P-062 - Baseline neutrophil-lymphocyte ratio as a prognostic factor for patients with resectable gastric cancer undergoing adjuvant chemotherapy

Date 04 July 2015
Event WorldGI 2015
Session Posters
Topics Anticancer Agents
Gastric Cancer
Biological Therapy
Presenter M.M. Laterza
Citation Annals of Oncology (2015) 26 (suppl_4): 1-100. 10.1093/annonc/mdv233
Authors M.M. Laterza, F. Ciardiello, E. Martinelli, A. Petrillo, J. Ventriglia, B. Savastano, A. Diana, G. Tirino, M. Orditura, F. de Vita
  • Second University of Naples, Napoli/IT



A high neutrophil/lymphocyte ratio (NLR) in peripheral blood has been shown to be a strong negative prognostic factor in several types of tumors, such as colorectal, breast, pancreatic and lung cancers, while the results in gastric cancer are still controversial. The aim of our study was to define the prognostic value of pre-surgery NLR in an Italian population of resectable patients with gastric adenocarcinoma (GC).


We retrospectively collected the data for 139 patients (pts.) with histologically confirmed GC who underwent curative resection between April 2006 and December 2014. All pts had a complete blood count record prior the surgery and the NLR was calculated from neutrophil and lymphocyte on this routine test. The survival was calculated by Kaplan-Meyer analysis and Cox regression was used to evaluate the prognostic value of NLR. Software SPSS 16.0 was used for statistical analysis.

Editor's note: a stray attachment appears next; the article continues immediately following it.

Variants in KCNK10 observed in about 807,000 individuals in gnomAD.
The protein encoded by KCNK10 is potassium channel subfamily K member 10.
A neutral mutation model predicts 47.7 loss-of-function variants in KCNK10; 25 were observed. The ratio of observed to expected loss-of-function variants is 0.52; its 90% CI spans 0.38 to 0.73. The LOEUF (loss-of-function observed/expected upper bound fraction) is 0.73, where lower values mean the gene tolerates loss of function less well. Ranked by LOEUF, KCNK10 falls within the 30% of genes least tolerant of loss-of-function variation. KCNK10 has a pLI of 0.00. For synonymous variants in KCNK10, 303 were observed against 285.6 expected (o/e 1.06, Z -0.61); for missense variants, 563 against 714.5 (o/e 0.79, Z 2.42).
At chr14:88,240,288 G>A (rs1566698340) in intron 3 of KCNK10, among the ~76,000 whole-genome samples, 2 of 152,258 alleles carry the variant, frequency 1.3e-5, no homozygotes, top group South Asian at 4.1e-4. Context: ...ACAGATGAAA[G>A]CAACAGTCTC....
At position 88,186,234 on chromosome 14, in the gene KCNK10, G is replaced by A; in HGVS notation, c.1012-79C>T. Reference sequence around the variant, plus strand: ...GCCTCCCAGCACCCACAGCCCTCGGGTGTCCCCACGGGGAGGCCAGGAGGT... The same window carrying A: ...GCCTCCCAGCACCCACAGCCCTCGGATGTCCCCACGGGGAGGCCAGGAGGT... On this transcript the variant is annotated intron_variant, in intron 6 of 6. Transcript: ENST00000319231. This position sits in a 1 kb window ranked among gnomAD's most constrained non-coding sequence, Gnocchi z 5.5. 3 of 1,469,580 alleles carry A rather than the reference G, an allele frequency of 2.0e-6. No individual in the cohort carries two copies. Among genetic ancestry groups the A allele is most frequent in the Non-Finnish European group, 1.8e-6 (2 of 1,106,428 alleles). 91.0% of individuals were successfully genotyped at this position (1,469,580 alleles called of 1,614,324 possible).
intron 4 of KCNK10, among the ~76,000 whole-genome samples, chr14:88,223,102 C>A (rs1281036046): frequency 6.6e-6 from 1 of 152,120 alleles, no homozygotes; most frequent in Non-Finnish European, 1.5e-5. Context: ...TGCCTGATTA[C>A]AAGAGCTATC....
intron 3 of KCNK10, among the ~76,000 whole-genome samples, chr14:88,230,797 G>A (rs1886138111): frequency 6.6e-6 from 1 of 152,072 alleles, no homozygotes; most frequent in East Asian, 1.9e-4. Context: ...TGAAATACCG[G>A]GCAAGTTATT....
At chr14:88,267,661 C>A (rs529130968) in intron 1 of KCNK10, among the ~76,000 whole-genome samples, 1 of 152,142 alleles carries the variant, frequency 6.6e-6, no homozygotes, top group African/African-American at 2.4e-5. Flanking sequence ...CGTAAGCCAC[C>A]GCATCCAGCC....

From April 2006 to December 2014, we analyzed NLR in 139 pts with GC who had undergone curative surgery followed by adjuvant chemotherapy with Folfox-4 regimen. Patients characteristics were the following: median age was 62 years (range 22 - 87), the male/female ratio was 88/44, ECOG PS was 0 in 94.7% pts and 1 in 5.3% pts; the stage at diagnosis was Ib: 6.7%, IIa: 14.4%, IIb: 30.3%, IIIa: 23.5%, IIIb: 18.2%, IIIc: 6.8%. The median preoperative NLR was 1.81 (range 0.29-12.68) and pts were divided into two groups according to this cut-off value. In the whole group of 132 pts, 42 pts died, while 90 pts are still alive; in this group the 1-, 3-, 5-year survival rate was 94.7%, 73.5% and 68.9% respectively. In the 65pts with low NLR the 1-, 3-, 5-year survival was 98.5%, 76.9% and 72.3% respectively, while in the 67 pts with high NLR was 89.5%, 70.1% and 65.7%. On multivariate analysis, no statistically significant differences were observed between OS in pts with low and high NLR (p= 0.069).


Based on this study carried out in a Caucasian population, we can affirm that NLR isn't a prognostic factor in resectable gastric cancer patients undergoing adjuvant chemotherapy. Further studies in larger reports are required to evaluate the prognostic meaning of NLR in gastric cancer.